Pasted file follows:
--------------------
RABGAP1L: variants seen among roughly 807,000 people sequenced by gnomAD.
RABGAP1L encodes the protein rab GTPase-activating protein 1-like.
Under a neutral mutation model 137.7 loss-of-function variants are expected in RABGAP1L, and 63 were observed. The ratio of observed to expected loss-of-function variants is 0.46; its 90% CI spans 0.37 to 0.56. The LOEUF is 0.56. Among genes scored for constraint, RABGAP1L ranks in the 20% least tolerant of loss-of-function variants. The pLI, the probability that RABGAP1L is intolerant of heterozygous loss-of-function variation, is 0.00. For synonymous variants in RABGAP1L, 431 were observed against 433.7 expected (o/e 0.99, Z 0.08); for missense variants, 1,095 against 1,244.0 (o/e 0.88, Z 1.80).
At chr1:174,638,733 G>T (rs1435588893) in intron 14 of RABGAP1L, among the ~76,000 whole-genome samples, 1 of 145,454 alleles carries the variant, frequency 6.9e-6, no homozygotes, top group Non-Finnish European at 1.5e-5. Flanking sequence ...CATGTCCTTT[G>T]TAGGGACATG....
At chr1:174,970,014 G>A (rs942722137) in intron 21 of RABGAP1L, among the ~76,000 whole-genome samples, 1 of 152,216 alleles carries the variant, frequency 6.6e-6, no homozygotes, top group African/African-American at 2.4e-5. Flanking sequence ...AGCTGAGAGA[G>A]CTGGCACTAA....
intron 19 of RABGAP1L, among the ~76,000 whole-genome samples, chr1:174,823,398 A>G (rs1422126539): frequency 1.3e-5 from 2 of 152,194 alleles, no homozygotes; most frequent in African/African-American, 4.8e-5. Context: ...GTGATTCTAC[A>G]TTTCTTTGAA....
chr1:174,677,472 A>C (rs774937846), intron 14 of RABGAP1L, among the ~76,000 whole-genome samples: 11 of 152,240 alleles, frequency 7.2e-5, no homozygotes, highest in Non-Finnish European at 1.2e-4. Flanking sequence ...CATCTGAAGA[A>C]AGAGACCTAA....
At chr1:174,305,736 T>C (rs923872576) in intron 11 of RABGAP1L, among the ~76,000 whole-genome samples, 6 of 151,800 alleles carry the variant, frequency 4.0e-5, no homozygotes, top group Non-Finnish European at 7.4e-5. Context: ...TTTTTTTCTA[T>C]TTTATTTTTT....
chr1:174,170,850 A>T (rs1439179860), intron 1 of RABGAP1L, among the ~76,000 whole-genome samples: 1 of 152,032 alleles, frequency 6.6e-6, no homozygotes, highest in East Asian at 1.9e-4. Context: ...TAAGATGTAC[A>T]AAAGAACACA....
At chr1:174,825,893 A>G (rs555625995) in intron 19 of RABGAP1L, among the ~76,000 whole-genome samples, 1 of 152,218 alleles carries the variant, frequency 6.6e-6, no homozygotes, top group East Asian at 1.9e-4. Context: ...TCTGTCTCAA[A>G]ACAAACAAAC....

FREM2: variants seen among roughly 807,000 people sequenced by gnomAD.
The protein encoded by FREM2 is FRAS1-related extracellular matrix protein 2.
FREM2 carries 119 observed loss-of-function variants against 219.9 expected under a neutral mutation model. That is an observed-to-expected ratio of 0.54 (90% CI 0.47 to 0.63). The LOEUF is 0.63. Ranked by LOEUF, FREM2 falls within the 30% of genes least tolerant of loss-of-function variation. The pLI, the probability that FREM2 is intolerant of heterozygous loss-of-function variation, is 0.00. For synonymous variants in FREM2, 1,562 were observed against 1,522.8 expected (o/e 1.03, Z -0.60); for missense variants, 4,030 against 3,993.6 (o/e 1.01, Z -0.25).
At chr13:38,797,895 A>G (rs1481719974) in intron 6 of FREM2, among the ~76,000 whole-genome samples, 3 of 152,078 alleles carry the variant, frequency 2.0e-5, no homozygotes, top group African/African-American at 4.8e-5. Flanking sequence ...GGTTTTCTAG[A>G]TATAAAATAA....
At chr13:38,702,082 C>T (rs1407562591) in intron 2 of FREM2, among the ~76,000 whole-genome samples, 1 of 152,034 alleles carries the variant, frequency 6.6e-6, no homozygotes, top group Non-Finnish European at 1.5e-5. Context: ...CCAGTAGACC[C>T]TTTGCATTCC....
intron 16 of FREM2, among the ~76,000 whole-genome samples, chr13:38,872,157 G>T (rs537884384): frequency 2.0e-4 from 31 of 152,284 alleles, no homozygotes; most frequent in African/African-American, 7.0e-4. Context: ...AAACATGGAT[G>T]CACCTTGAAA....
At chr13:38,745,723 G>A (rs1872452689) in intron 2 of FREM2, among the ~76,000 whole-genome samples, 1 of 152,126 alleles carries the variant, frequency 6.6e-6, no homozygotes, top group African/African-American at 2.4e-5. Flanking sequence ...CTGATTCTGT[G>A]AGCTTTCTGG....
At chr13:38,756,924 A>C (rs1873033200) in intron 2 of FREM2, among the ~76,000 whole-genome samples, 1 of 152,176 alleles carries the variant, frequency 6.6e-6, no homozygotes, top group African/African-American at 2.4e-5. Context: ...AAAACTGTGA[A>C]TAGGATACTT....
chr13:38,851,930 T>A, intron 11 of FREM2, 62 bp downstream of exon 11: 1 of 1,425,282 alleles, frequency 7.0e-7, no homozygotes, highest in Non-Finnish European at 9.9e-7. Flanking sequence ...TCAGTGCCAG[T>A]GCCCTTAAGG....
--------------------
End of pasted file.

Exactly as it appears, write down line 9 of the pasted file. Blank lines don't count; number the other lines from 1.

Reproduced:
chr1:174,170,850 A>T (rs1439179860), intron 1 of RABGAP1L, among the ~76,000 whole-genome samples: 1 of 152,032 alleles, frequency 6.6e-6, no homozygotes, highest in East Asian at 1.9e-4. Context: ...TAAGATGTAC[A>T]AAAGAACACA....